Considering the anatomical and physiological similarities between pigs and humans [17], pigs represent an ideal animal model for studying the growth- and obesity-enhancing effects of antibiotic intervention in infants. In the present study, we aimed to profile the transcriptome and genome-wide DNA methylation of liver tissues in LDA- treated pigs. Along with the analyses of phenotypic data and serum lipidome, we characterized extensive changes in the plasma lipidome, gene expression and promoter methylation in the liver that were elicited by LDA treatment.

Results

Growth promotion of LDA- treated piglets

In the present study, we randomly classified 32 Duroc × Landrace × Yorkshire (DLY) female weaned piglets into two groups, either raised with spontaneous microbial colonization as the control (CON) group or treated with two types of broad-spectrum LDA, i.e., chlortetracycline and virginiamycin (see Methods). During the 4 weeks of the experimental period, growth phenotypes and diarrhoea index (DI) [18, 19] for all the DLY piglets were gathered in each week (Table S1) and analysed by SPSS 20.0 (SPSS, Inc.) with a two-tailed independent t-test. During 4 weeks of treatment, a growth-promoting effect was observed starting from the first week, as exemplified by the elevated body weight (BW) and average daily gain (ADG) of the LDA group. In the fourth week, the LDA group showed the most significant difference comparing to the CON group (Fig. 1a, b). In contrast, the occurrence of diarrhoea was significantly decreased in the LDA group (Fig. 1c). On the other hand, there were no obvious differences in the relative weight of different organs between the two groups, suggesting that such growth-promotion was not restricted to specific organs but the whole body (Fig. 1d).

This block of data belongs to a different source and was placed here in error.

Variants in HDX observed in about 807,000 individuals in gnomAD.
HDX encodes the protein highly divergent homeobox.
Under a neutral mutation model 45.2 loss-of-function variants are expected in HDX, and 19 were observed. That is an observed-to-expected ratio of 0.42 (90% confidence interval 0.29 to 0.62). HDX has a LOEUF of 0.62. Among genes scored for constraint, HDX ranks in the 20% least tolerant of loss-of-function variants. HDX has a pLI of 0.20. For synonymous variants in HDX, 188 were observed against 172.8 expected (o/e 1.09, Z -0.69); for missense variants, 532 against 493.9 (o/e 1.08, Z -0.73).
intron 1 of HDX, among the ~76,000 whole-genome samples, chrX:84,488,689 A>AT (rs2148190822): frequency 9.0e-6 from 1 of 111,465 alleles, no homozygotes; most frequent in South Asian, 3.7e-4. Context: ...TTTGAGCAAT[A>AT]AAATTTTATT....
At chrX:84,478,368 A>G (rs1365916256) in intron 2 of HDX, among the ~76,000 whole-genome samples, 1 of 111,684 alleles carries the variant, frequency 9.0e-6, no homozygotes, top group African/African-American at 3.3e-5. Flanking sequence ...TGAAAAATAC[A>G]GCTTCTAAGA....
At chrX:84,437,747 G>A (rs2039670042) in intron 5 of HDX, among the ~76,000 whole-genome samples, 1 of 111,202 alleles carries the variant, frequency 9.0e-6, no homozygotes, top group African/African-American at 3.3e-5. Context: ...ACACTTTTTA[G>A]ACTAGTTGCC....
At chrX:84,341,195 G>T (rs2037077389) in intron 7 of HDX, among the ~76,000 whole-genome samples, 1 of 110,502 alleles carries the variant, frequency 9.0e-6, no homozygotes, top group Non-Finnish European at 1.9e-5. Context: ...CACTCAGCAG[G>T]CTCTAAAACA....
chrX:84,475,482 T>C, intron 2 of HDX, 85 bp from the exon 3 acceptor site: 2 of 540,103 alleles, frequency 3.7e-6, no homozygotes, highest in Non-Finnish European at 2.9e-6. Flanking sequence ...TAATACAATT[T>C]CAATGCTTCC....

Fig. 1
figure1

Growth phenotypes of piglets from the LDA and CON groups. Box plots of body weight (a), average daily feed intake (b), diarrhoea index (c) and relative weight (RW) of different organs (d) during the 4 weeks of the experimental period between the LDA and CON groups (two-tailed independent t-test, *P-value< 0.05, **P-value< 0.01). RW was obtained from absolute organ weight divided by body weight. The diarrhoea index was expressed as the average daily grade of diarrhoea (three check points per day)

Serum lipidome analyses